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The meeting was called to order at ten o'clock on Thursday morning by President Williams, who said:
To encourage the fullest possible discussion, the executive. committee intended to have comparatively few papers this year, but looking over the programme you will find few if any papers or subjects that could well have been omitted. By common consent, each speaker will be limited to three minutes, unless in any instance a longer time be desirable.
We shall now listen to the paper entitled Gas Engines and Producers for Central Stations, by Mr. Robert T. Lozier, of New York. The paper will be illustrated by stereopticon.
GAS ENGINES AND PRODUCERS FOR
In presenting this subject I should like to consider it under two heads:
First-The fundamental principles upon which the gas engine and producer work.
Second-The application of this apparatus to central stations. The economy in fuel consumption is the main feature that recommends the gas engine for adoption.
The first reason why an internal-combustion engine is more economical than a steam prime mover is because, as its name implies, the carbon in the fuel is burned directly in the cylinder of the engine instead of in the fire-box of the boiler. Secondary reasons for the increased economy of gas-engine and producer plants lie in the facts that the stack losses are eliminated; the producer operating as a furnace is more economical than a steamboiler fire-box; the losses in the auxiliaries for cooling and cleaning the gas are very much less than exist in the auxiliaries of a steam plant; there are no losses in transmitting the gas, which is conveyed at atmospheric pressure and temperature, as against the radiation, condensation and leakage found in steam-transmission lines, and the stand-by losses of the producer when shut down are remarkably small.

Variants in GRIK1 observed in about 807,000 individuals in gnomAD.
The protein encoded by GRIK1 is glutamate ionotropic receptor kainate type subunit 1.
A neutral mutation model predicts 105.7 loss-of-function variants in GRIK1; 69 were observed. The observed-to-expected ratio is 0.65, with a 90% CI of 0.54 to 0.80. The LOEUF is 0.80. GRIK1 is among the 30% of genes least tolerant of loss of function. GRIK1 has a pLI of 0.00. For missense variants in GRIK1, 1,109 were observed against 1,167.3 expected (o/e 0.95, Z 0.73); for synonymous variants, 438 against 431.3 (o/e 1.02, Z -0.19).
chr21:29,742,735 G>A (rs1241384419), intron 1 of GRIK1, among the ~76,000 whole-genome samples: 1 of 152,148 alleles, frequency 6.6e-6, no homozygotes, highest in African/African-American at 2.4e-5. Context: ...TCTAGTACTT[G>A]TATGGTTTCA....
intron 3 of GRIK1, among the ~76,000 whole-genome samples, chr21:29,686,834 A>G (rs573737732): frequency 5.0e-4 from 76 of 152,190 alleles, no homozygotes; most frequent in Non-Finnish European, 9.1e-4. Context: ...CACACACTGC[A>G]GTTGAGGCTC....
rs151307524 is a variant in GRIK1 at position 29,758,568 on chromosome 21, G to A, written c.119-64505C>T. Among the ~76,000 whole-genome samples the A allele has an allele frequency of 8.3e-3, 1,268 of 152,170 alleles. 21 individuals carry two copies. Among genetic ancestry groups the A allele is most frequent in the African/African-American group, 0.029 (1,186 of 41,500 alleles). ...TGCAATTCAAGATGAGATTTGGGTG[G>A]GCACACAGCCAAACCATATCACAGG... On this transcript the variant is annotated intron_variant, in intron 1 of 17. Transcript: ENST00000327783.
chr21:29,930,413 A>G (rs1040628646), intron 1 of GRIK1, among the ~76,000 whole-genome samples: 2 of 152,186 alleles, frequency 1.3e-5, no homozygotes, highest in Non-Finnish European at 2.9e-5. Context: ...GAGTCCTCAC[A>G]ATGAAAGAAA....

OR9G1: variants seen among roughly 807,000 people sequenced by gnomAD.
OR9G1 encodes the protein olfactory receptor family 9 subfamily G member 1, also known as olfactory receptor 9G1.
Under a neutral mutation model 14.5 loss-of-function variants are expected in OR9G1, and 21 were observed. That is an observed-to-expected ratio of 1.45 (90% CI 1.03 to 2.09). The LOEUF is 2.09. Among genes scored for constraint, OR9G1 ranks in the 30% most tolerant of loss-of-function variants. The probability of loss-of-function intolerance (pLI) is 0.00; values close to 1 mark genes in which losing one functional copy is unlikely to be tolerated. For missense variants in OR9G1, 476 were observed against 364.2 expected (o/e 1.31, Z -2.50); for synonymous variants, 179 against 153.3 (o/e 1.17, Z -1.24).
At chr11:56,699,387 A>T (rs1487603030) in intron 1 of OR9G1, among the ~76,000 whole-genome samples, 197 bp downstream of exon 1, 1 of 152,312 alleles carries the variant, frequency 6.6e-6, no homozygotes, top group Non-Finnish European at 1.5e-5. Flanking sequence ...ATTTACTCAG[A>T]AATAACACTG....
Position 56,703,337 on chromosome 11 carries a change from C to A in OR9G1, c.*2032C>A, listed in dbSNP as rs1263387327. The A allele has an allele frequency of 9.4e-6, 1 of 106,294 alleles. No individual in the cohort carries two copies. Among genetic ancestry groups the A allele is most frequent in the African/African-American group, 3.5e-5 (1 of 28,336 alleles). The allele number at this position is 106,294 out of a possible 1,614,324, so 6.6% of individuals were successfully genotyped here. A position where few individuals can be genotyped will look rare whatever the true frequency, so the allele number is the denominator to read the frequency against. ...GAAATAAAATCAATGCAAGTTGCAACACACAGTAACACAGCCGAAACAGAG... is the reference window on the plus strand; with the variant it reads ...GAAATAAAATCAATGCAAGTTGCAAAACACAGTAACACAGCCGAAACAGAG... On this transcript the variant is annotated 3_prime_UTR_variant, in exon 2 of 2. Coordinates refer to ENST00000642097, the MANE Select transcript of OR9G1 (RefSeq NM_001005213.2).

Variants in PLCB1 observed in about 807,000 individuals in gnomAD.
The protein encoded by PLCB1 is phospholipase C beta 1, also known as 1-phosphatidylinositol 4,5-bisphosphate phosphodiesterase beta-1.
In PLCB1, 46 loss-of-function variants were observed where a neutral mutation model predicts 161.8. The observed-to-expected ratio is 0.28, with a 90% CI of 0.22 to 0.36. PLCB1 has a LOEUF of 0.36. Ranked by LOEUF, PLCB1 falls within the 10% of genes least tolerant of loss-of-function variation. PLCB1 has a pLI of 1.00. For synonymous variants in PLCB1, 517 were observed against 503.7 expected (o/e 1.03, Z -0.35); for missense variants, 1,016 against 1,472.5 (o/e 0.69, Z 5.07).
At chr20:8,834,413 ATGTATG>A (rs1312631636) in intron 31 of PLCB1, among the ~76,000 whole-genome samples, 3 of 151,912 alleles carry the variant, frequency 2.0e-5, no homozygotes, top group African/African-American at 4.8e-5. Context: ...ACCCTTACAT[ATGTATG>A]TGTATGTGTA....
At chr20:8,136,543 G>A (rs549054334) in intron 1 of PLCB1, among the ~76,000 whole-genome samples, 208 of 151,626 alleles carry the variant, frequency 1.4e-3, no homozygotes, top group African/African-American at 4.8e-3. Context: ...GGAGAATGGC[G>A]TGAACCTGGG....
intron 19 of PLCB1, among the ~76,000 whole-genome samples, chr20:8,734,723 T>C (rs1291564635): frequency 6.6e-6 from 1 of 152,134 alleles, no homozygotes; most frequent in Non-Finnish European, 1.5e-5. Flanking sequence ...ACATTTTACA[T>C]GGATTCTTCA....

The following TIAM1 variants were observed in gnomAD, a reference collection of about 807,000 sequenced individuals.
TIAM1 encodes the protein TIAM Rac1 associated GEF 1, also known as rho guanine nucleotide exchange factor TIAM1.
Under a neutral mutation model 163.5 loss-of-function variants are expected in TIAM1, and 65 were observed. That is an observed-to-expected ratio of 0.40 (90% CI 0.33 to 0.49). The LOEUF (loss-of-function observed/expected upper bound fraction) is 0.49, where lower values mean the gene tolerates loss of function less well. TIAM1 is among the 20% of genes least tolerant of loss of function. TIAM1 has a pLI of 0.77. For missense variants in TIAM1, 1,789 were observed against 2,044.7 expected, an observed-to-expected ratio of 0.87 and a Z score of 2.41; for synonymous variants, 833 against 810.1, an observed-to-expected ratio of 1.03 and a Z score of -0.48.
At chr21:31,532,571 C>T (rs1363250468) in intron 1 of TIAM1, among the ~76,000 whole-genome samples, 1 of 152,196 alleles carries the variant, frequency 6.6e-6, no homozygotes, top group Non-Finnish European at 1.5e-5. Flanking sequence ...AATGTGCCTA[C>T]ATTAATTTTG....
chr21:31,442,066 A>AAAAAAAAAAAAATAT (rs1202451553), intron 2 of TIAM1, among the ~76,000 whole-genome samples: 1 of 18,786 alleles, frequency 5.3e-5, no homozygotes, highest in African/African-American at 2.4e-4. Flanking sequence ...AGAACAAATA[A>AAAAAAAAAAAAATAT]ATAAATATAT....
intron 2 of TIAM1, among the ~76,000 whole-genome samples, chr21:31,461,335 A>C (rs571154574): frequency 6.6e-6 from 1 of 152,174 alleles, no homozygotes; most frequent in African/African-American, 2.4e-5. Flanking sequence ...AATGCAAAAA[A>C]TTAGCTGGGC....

At the risk of going over ground familiar to all, I might state that gas engines are, properly speaking, heat engines, just as much as are steam engines, in that they depend upon the first law of thermodynamics, namely, "Heat by expanding bodies is a source of mechanical energy." It is because we are able to introduce in the gas-engine cylinder a gas at atmospheric temperature and pressure, which upon ignition develops a so much higher temperature than is possible to transmit over a steam-pipe line, that we are able to develop such a large horse-power within such a small radiating surface. This is worked out by the application of the following formula:
in which T equals the total temperature range of the power medium, gas or steam, when acting upon the engine's piston taken from absolute zero, which is 460 degrees below Fahrenheit zero, and ranges up to the highest temperature developed by this medium in the heat engine cylinder. T, is the temperature at which this power medium exhausts.